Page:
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Michael Behe in World Magazine — “Game Over” for Darwinism

Image: A scene from "Molecular Machines — ATP Synthase: The Power Plant of the Cell," via Discovery Institute.

Our biologist colleague Michael Behe has written a wonderful cover story for World Magazine. His theme is how science has vindicated the words of the Psalmist: “I will praise thee; for I am fearfully and wonderfully made: marvellous are thy works; and that my soul knoweth right well.”

That inference to intelligent design — recognizing a “purposeful arrangement of parts” in biological systems, large and small — doesn’t require a scientist to draw it. It was available to the thoughtful observer of life thousands of years. But the closer and deeper that technology has permitted us to peer into such systems, the more evident it has become that they reflect a deliberate design.

Behe traces science’s progress from Aristotle to Galen to William Harvey, Marcello Malpighi, Antonie van Leeuwenhoek, and modern scientists who study molecular machines. He recounts regarding ATP synthase:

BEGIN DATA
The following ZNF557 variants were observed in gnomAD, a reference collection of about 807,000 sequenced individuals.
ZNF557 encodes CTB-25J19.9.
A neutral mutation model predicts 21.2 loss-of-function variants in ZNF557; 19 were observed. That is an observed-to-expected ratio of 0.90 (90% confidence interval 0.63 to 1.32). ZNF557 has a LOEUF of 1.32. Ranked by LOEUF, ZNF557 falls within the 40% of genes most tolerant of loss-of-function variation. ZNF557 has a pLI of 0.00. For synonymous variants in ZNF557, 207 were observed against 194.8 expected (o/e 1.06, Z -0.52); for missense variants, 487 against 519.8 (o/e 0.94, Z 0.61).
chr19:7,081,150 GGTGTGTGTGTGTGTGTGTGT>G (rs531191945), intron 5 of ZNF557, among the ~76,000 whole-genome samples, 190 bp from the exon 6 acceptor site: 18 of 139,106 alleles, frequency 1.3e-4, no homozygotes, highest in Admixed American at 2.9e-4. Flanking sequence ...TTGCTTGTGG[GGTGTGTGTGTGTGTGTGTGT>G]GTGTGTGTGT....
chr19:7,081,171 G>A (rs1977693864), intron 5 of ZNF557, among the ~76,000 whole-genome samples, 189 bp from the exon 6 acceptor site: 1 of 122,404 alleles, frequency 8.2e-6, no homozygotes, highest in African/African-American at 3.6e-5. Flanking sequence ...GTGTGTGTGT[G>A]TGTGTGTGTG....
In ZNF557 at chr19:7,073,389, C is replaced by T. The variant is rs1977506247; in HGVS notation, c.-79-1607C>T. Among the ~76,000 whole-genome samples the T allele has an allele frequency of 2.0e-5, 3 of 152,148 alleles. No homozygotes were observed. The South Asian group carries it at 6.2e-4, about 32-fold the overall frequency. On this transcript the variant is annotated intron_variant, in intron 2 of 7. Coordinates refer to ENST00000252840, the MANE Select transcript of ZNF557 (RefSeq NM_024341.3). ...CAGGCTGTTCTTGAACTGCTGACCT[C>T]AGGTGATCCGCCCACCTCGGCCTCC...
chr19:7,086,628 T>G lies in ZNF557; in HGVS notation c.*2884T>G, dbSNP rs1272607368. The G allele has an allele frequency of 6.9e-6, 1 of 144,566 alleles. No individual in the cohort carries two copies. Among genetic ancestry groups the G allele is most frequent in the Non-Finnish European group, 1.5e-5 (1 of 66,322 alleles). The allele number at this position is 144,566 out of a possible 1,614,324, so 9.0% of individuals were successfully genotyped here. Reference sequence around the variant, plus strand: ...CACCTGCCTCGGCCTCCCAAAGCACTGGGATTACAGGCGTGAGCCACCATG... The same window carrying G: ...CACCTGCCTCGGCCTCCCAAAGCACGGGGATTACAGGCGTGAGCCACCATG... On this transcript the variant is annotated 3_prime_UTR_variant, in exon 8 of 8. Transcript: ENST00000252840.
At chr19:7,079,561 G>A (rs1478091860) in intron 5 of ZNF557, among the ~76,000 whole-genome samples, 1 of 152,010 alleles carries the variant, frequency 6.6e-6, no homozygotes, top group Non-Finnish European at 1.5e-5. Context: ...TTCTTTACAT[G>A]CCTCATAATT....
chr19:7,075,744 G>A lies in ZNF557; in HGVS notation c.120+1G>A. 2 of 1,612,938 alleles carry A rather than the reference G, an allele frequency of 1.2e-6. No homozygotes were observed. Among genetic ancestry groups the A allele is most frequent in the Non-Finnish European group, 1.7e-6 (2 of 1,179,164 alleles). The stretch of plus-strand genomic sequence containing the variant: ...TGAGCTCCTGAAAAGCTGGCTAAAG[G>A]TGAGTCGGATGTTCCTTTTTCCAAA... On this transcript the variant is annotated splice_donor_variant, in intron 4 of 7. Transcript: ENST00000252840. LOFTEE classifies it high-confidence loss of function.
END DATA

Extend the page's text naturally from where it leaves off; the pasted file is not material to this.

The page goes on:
ATP synthase is not simple. Comprising thousands of amino acid building blocks in about 10 kinds of protein chains, its intricate structure carefully directs a flow of acid particles, beginning from outside the cell, through deep channels in the machine’s organization, into the cell’s interior. Somehow, like the cascade of water over a hydroelectric dam that turns a turbine, the flow of acid through the channels rotates a central camshaft. The cams push against multiple discrete areas of a stationary region of the synthase, distorting their shapes. The distortion forces together two bound feed-chemicals, ADP and phosphate, provoking them to react to yield the energy-rich-yet-stable molecule ATP. As the camshaft completes a turn, the ATP is released into the cell, and the machine begins another cycle. Incredibly, the many copies of the machine in each person produce about 150 pounds of ATP molecules every day, but each is used rapidly as energy — in effect, recharging each cell like a reusable battery.

Read the rest of Behe’s essay for World here.